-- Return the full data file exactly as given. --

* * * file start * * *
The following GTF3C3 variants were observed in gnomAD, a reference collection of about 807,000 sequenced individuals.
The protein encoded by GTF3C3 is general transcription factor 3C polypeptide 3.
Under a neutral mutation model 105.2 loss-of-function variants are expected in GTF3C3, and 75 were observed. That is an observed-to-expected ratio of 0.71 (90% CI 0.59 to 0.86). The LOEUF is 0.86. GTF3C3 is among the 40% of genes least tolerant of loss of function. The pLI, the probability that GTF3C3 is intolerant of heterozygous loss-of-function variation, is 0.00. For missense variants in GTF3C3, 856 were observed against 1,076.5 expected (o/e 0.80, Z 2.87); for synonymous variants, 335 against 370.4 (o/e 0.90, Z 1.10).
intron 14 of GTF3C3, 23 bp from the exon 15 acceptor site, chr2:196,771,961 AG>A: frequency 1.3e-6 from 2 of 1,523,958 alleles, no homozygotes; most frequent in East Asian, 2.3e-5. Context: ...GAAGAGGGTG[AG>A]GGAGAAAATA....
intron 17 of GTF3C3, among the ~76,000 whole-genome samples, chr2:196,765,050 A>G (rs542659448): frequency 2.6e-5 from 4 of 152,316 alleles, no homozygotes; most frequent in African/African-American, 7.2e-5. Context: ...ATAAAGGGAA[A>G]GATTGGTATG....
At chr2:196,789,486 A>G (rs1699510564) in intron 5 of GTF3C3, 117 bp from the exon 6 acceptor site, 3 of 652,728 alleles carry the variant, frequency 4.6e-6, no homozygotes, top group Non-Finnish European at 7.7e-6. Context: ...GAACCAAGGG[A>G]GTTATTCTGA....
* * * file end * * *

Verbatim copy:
The following GTF3C3 variants were observed in gnomAD, a reference collection of about 807,000 sequenced individuals.
The protein encoded by GTF3C3 is general transcription factor 3C polypeptide 3.
Under a neutral mutation model 105.2 loss-of-function variants are expected in GTF3C3, and 75 were observed. That is an observed-to-expected ratio of 0.71 (90% CI 0.59 to 0.86). The LOEUF is 0.86. GTF3C3 is among the 40% of genes least tolerant of loss of function. The pLI, the probability that GTF3C3 is intolerant of heterozygous loss-of-function variation, is 0.00. For missense variants in GTF3C3, 856 were observed against 1,076.5 expected (o/e 0.80, Z 2.87); for synonymous variants, 335 against 370.4 (o/e 0.90, Z 1.10).
intron 14 of GTF3C3, 23 bp from the exon 15 acceptor site, chr2:196,771,961 AG>A: frequency 1.3e-6 from 2 of 1,523,958 alleles, no homozygotes; most frequent in East Asian, 2.3e-5. Context: ...GAAGAGGGTG[AG>A]GGAGAAAATA....
intron 17 of GTF3C3, among the ~76,000 whole-genome samples, chr2:196,765,050 A>G (rs542659448): frequency 2.6e-5 from 4 of 152,316 alleles, no homozygotes; most frequent in African/African-American, 7.2e-5. Context: ...ATAAAGGGAA[A>G]GATTGGTATG....
At chr2:196,789,486 A>G (rs1699510564) in intron 5 of GTF3C3, 117 bp from the exon 6 acceptor site, 3 of 652,728 alleles carry the variant, frequency 4.6e-6, no homozygotes, top group Non-Finnish European at 7.7e-6. Context: ...GAACCAAGGG[A>G]GTTATTCTGA....